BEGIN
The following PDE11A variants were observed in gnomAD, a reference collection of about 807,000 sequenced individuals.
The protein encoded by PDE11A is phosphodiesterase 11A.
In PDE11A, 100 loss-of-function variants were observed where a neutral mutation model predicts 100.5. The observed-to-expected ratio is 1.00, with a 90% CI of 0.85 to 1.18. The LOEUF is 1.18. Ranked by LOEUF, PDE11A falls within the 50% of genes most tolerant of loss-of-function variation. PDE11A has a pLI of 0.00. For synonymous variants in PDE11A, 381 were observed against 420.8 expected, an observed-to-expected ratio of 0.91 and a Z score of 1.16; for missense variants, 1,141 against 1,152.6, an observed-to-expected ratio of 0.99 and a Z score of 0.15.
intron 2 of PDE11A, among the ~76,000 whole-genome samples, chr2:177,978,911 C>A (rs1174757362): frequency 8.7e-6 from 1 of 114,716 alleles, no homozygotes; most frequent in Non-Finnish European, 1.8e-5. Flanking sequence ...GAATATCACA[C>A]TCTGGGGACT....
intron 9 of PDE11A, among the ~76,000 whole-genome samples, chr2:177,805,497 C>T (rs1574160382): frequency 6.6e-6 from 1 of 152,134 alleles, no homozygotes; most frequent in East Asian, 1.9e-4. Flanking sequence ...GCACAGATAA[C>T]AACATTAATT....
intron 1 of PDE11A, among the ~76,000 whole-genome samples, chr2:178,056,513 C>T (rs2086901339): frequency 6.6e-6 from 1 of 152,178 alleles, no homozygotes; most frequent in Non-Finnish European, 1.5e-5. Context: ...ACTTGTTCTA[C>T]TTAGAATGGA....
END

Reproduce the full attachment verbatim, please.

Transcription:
The following PDE11A variants were observed in gnomAD, a reference collection of about 807,000 sequenced individuals.
The protein encoded by PDE11A is phosphodiesterase 11A.
In PDE11A, 100 loss-of-function variants were observed where a neutral mutation model predicts 100.5. The observed-to-expected ratio is 1.00, with a 90% CI of 0.85 to 1.18. The LOEUF is 1.18. Ranked by LOEUF, PDE11A falls within the 50% of genes most tolerant of loss-of-function variation. PDE11A has a pLI of 0.00. For synonymous variants in PDE11A, 381 were observed against 420.8 expected, an observed-to-expected ratio of 0.91 and a Z score of 1.16; for missense variants, 1,141 against 1,152.6, an observed-to-expected ratio of 0.99 and a Z score of 0.15.
intron 2 of PDE11A, among the ~76,000 whole-genome samples, chr2:177,978,911 C>A (rs1174757362): frequency 8.7e-6 from 1 of 114,716 alleles, no homozygotes; most frequent in Non-Finnish European, 1.8e-5. Flanking sequence ...GAATATCACA[C>A]TCTGGGGACT....
intron 9 of PDE11A, among the ~76,000 whole-genome samples, chr2:177,805,497 C>T (rs1574160382): frequency 6.6e-6 from 1 of 152,134 alleles, no homozygotes; most frequent in East Asian, 1.9e-4. Flanking sequence ...GCACAGATAA[C>T]AACATTAATT....
intron 1 of PDE11A, among the ~76,000 whole-genome samples, chr2:178,056,513 C>T (rs2086901339): frequency 6.6e-6 from 1 of 152,178 alleles, no homozygotes; most frequent in Non-Finnish European, 1.5e-5. Context: ...ACTTGTTCTA[C>T]TTAGAATGGA....